Of course, in CoC people didn’t get as attached to their characters as they do in D&D, because by the end of any typical CoC campaign your character has gone insane.

  8. Ethan says:

    Point buy is the way to go.

  9. […] Previous in Projects: One Hundred Million Characters, Part 1 […]

  10. Shamus says:

    How in the HECK did this happen? I managed to trackback my own post? Silly.

  11. Nathan says:

    Now you need to add a trackback to _this_ article, in the Part 2 article. Then you’ll have a “how to occupy an idiot” function right in your blog comments!

  12. Zack says:

    Note that I doubt there have been 100 million characters in the history of Dungeons & Dragons. That’s a third of the population of the U.S. Less than 10% of the population plays D&D, so even in it’s 30 year history, and even allowing for that fact that some players have several characters, I think the number of legitimate characters falls well short of 100 million.

    Actually, assuming that 10% of the population plays D&D and the population of America is 300 million, that means that there are 30 million D&D players. By definition, a D&D PLAYER *MUST* have created at least one character. Following this logic, each player would only need to have created 3.4 characters in their entire experience to add up to 100 million characters total. I would dare say that the vasy majority of players have created more than 4 characters each and those who haven’t are made up for by the people (like me) who have made in excess of 30 characters in their careers.

    The assumption that 10% of the population plays D&D seems a little high, but the estimation of America’s population at 300 millions is also a little low, so it more or less evens out.

    All that aside, I’ve really enjoyed reading this analysis and have forwarded this page for several of my gaming buddies to browse. Keep up the good work! I love your material.

  13. Tho says:

    You forgot the fact that not only Americans play D&D…so I’d figure there’s well over one hundred million d&d/ad&d characters out there.

  14. angel says:

    Probably kind of off-topic, but reading this just gave me an idea.
    Random character generation normally leads to unbelievable characters, at least if you generate the whole of a character sheet randomly. I’ve seen automated character generators which seem to get round this by having a couple of stock characters with certain limitations (“here’s a list of skills a wizard might have, pick at random”).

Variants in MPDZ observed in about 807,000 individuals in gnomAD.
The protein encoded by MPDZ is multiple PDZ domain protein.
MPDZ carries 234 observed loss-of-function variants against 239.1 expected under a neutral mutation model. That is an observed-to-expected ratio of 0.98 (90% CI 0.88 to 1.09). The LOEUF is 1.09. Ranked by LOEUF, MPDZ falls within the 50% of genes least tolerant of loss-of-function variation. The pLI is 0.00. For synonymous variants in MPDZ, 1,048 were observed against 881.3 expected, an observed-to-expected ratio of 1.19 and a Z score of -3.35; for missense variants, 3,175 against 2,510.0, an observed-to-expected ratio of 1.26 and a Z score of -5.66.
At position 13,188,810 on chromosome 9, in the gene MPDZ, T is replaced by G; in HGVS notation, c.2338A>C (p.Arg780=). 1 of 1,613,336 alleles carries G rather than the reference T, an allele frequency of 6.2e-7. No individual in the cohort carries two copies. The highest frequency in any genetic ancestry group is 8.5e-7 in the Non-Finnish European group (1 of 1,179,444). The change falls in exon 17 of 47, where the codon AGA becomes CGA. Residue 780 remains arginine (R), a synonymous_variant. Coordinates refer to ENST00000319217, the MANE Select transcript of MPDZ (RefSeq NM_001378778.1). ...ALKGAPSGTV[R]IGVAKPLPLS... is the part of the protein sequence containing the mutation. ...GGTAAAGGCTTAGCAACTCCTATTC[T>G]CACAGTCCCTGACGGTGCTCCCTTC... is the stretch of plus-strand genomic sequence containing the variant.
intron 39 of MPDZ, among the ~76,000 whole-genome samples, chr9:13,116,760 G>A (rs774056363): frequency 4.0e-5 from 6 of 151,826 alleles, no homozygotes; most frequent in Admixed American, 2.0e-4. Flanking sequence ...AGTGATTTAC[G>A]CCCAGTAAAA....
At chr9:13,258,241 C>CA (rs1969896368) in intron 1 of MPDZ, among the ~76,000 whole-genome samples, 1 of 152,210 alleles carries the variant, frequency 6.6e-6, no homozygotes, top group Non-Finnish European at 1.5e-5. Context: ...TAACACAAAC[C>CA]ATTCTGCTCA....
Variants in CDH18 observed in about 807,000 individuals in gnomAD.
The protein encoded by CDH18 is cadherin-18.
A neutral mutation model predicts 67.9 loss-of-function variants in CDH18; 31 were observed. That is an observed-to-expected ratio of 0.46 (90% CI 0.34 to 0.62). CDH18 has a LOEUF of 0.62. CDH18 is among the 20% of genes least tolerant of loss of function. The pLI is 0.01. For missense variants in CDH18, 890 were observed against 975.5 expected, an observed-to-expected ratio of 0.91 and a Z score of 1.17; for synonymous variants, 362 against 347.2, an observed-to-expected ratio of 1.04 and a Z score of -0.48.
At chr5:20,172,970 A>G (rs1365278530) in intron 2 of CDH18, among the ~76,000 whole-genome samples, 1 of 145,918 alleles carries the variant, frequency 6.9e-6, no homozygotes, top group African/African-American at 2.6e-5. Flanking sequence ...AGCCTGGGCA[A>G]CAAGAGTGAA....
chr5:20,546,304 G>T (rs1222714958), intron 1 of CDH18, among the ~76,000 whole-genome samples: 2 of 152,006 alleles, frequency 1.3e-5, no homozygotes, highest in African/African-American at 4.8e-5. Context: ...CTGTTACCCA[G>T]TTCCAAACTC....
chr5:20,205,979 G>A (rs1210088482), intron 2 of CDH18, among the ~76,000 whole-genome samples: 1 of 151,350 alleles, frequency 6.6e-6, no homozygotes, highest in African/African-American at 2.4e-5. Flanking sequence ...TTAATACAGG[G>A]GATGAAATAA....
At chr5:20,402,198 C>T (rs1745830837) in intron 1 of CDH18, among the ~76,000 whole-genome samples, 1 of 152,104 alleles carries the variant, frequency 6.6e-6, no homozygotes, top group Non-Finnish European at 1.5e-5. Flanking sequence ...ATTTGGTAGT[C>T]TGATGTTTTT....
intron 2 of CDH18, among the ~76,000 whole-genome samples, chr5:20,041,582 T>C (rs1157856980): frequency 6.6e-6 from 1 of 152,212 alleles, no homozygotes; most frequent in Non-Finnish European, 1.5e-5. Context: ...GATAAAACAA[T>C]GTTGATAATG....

But I’m wondering … what would happen if you tried using Bayes to generate characters? You’d have to feed the program a large selection of human-made characters to start with, but once it had got the hang of it you could generate vast numbers of realistic-ish characters very quickly.
    I’m not sure this idea is sensible, or even sane, but I’m pretty sure it would outperform at least some of the ‘random NPC generator’ apps I’ve seen. And I’m going to make this thing just because I feel like it. Any suggestions where I could find a large body of well-rounded character sheets to train it on? (not sure what system to use … not played d&d in 15 years now)

  15. John Marley says:

    Yeah, point-based systems are a lot better than random generation. I never really got into GURPS, but I played Champions quite a bit. Our GM had to implement a rule, though – if you couldn’t justify the limitations (used to reduce the cost of powers), you didn’t get them. It worked pretty well to keep characters resonable.

  16. Furbuggy says:

    I like rolling up character stats…. I usually use the 4d6 drop one method, but require all characters drop 2 of their stat roles (usually the lowest 2) and throw on an 8 and an 18.

    Rolling 3 or 4 d20 and taking the highest result for each stat might be fun ^.^

  17. Someone else says:

    Also…. 10% of the US playing D&D is a huge mistake. I would say maybe 2 or 3%.

  18. Daemian Lucifer says:

    Interesting read.Strangelly enough,Ive witnesed a stronger character than that you got once my cousin rolled:5×18 and a 16.Too bad for him that it wasnt any epic campaign,just a short one.

  19. james washburn says:

    how’s this for luck. there was a roleplaying group i used to go to, about 15 years ago. the of the blokes needed a new character, his last character was a paladin it died of a stabbing pain in his back, the rest of the party claimed they were somewhere else at the time, so the DM let him roll one up, rolling 4D6 and dropping the lowest. we sat and watched in disbelive as he roll 6 18’s. and guess what? the DM wouldn’t let him play it.

    He had to create another, this one didn’t meet the minimum requirements for any of the classes.

    The DM let him re-roll one of his stats, so he re-rolled his str and became a fighter.

    so it does happen

  20. Kizer says:

    I tend to run campaigns that require above-average characters. I guess I get bored with low-level enemies, so I throw in more challenges than I should. To make up for it, I use the over-powered stat rolling technique: Characters roll 5d6, drop the two lowest.

    Also, something seems a bit funky with the initial character at the beginning of the post. According to the PHB, after rolling the six ability scores, the player can assign the scores to each of the six abilities as they choose. Yet I have never seen a player put their lowest score in the constitution slot unless they have a really good reason (Raistlin-type character, for example.) The high dexterity score implies some sort of rogue or ranger, both of which end up in combat situations more often than other classes. This stat line-up makes some sense for a Rogue, but in my experience players prefer more HP to less and would put the 12 there rather than a 9. Just seems weird to me i guess. :)

  21. Tomas says: